Although, I like the concept of connected learning I find it hard to wrap my head around how it is possible to accomplish this goal with the limited resources we have? Teachers are not paid nearly enough and the amount of time and effort it would take to individually curate and work with a student’s interest would be monumental. The current system (although severely flawed), seems to work – teachers can disseminate knowledge to all students through a structured curriculum and course outcomes can be used to evaluate whether students fully understood the concepts. Exams also reinforce learning and critical thinking skills. This sort of a system obviously tends to ignore student interests and possibly students that are outliers i.e. those who are having a hard time coping up with the material and/or those that have exceptional talent. In an ideal world a connected learning environment (in school) would be best for every student.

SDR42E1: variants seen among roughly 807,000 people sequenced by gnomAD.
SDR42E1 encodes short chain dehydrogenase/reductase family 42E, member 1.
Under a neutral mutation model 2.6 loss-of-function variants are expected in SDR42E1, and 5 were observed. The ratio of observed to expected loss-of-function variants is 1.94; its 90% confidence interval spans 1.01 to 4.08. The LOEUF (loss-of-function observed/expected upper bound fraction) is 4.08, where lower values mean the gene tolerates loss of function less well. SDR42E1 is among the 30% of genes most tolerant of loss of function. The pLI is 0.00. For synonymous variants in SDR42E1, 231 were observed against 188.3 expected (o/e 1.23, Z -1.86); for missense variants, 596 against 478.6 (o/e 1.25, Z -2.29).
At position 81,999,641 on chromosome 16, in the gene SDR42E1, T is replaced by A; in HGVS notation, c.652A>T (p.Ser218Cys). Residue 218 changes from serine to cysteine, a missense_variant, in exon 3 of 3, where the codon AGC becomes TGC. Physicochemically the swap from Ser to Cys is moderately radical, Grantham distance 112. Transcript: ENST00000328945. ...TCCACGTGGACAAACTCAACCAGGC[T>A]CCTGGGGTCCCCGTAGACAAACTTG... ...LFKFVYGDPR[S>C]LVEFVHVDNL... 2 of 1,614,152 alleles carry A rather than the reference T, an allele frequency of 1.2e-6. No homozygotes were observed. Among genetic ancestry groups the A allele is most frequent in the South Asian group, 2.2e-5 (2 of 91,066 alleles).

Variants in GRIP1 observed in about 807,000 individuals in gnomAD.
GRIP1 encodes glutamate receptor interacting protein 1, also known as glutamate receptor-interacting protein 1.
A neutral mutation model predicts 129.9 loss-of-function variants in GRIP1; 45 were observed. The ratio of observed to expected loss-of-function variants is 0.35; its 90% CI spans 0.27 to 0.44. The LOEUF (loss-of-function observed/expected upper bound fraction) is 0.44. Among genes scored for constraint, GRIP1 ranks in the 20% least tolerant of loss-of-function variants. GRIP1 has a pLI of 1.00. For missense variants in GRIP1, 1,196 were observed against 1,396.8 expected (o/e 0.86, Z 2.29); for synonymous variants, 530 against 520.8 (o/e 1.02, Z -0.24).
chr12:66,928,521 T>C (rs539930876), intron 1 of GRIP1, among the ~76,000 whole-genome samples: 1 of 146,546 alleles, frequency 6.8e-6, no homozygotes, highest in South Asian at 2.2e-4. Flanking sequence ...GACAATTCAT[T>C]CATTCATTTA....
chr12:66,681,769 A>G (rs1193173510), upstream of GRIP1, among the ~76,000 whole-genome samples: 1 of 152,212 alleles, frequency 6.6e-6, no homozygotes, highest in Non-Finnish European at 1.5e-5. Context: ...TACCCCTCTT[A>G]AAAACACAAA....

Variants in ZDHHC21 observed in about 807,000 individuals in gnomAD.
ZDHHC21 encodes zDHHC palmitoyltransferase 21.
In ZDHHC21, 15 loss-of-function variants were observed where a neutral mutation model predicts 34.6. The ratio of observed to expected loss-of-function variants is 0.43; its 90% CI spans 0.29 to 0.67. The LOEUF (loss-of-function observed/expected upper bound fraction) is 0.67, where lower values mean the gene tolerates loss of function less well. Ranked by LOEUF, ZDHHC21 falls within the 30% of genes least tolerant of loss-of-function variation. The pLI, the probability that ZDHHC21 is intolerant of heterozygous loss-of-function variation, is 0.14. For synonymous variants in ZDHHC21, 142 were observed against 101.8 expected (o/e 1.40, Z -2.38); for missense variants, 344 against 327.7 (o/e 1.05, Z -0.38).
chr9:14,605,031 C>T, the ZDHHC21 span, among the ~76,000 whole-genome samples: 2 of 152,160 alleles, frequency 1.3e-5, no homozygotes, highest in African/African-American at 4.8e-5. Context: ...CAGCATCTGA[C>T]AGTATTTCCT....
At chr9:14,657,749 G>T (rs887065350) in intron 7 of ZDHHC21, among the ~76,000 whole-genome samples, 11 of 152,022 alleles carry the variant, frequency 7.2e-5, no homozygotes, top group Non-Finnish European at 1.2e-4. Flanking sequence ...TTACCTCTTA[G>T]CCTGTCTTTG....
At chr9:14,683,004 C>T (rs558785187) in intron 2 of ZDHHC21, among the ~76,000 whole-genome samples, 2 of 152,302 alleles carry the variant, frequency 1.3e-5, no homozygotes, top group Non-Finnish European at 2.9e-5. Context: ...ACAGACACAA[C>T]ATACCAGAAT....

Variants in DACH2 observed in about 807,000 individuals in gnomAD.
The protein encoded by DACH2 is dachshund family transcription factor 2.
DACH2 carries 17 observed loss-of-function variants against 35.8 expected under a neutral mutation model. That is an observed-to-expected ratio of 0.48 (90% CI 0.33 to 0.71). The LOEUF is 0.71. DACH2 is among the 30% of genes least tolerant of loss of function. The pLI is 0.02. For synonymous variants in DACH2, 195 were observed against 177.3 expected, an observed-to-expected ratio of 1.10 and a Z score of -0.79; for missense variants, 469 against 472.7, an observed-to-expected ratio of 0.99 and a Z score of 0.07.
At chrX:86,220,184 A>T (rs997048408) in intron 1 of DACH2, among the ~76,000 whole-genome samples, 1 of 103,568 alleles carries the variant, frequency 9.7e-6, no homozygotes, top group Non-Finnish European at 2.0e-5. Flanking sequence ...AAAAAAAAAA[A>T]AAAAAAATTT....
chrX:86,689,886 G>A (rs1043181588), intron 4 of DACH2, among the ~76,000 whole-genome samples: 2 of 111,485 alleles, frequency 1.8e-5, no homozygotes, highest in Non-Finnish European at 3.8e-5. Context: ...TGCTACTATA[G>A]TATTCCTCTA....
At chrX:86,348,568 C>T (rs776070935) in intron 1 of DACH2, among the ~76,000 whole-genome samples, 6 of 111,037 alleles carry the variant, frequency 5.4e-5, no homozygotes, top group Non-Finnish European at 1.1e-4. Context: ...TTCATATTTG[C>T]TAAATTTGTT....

I’ve gone through several different types of learning environments which have all been in stark contrast to each other. Through all of my schooling years we were tested purely on our abilities to memorize (understanding of concepts was of far lower value and marks on the exams were of paramount importance); in contrast the undergraduate years were a little more relaxed – there were some courses (not nearly enough) with project based learning (PBL) that were extremely fun. I can look back and say that I definitely got a lot more out of such PBL courses.